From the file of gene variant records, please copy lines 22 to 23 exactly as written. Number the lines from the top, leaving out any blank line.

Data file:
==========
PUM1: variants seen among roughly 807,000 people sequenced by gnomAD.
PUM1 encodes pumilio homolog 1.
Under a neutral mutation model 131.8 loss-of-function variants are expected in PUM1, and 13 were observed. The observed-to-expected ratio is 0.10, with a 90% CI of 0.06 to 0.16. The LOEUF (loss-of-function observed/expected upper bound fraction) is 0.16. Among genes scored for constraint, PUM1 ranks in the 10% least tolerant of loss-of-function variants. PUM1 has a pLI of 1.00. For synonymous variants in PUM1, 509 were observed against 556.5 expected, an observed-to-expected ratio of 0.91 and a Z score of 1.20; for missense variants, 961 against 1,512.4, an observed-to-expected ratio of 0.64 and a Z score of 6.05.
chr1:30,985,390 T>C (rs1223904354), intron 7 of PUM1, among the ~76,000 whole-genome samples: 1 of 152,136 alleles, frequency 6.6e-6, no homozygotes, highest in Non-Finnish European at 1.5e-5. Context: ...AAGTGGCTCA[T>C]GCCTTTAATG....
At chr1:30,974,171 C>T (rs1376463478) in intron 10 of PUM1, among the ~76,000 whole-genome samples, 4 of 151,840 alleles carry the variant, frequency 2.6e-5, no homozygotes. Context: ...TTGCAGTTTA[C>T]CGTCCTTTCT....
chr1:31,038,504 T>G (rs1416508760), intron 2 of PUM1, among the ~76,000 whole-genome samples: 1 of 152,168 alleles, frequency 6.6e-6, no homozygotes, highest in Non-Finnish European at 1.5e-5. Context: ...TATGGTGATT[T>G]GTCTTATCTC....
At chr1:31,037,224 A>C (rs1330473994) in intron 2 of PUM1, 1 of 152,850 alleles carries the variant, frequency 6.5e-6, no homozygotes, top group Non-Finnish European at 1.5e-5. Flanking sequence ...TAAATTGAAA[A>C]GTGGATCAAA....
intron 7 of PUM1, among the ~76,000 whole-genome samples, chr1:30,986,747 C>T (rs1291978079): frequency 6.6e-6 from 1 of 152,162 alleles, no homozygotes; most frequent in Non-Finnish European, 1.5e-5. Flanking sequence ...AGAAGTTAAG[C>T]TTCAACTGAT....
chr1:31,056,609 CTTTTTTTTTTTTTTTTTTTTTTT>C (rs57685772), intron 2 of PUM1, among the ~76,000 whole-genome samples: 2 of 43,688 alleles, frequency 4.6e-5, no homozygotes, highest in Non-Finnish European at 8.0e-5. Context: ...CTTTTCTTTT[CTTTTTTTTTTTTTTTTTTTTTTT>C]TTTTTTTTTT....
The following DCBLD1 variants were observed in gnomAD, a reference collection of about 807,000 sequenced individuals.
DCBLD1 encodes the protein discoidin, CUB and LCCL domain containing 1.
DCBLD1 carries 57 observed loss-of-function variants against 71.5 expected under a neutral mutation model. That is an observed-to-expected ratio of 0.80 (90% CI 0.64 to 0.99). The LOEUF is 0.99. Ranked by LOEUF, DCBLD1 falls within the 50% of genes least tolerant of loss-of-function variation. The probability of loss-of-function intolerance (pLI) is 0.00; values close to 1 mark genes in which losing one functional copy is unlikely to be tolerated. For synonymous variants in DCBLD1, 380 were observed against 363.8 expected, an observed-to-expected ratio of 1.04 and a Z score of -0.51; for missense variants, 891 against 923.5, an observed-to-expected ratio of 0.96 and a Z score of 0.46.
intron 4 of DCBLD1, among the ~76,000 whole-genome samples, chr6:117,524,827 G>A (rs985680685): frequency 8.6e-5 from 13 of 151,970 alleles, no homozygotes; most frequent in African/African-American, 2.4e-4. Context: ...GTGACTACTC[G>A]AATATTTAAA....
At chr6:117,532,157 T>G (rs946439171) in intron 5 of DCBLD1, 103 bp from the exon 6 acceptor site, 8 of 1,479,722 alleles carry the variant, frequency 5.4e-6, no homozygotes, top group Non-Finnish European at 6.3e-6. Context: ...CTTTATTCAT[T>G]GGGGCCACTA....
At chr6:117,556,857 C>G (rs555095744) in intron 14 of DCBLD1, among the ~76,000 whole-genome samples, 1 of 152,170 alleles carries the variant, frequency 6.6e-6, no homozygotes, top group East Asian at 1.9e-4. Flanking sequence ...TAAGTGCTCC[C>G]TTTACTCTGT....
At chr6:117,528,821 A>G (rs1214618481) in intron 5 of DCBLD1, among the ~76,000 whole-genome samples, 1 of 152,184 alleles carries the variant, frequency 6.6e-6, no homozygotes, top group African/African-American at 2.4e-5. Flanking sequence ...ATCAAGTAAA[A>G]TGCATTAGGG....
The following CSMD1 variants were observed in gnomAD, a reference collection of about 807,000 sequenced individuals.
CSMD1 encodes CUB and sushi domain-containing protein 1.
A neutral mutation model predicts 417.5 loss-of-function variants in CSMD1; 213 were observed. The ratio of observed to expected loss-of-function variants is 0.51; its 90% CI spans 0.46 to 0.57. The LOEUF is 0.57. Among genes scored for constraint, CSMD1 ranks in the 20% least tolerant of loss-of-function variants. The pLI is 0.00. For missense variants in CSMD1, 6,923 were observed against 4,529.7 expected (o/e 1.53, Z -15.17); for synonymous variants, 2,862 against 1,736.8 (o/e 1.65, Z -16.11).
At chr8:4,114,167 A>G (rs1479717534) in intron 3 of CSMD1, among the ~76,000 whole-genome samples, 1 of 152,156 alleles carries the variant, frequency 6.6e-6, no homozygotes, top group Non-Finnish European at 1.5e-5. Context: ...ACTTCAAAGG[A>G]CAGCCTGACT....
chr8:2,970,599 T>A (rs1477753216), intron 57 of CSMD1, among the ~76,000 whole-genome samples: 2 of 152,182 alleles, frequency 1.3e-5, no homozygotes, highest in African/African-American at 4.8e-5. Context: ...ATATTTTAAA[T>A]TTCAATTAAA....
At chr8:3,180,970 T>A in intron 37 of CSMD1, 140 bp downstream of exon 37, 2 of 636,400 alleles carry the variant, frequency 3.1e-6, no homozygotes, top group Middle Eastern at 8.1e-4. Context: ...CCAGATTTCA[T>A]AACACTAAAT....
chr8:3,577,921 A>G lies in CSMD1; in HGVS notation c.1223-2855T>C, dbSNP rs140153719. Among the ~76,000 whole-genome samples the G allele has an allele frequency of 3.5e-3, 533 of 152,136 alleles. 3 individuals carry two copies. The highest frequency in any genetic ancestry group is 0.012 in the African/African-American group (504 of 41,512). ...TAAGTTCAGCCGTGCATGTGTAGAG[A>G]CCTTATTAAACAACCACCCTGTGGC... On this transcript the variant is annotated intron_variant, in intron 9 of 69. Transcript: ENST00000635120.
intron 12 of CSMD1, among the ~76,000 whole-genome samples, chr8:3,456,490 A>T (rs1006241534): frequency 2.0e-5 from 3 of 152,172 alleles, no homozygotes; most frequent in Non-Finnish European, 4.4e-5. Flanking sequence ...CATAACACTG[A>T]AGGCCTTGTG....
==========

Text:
At chr8:3,180,970 T>A in intron 37 of CSMD1, 140 bp downstream of exon 37, 2 of 636,400 alleles carry the variant, frequency 3.1e-6, no homozygotes, top group Middle Eastern at 8.1e-4. Context: ...CCAGATTTCA[T>A]AACACTAAAT....
chr8:3,577,921 A>G lies in CSMD1; in HGVS notation c.1223-2855T>C, dbSNP rs140153719. Among the ~76,000 whole-genome samples the G allele has an allele frequency of 3.5e-3, 533 of 152,136 alleles. 3 individuals carry two copies. The highest frequency in any genetic ancestry group is 0.012 in the African/African-American group (504 of 41,512). ...TAAGTTCAGCCGTGCATGTGTAGAG[A>G]CCTTATTAAACAACCACCCTGTGGC... On this transcript the variant is annotated intron_variant, in intron 9 of 69. Transcript: ENST00000635120.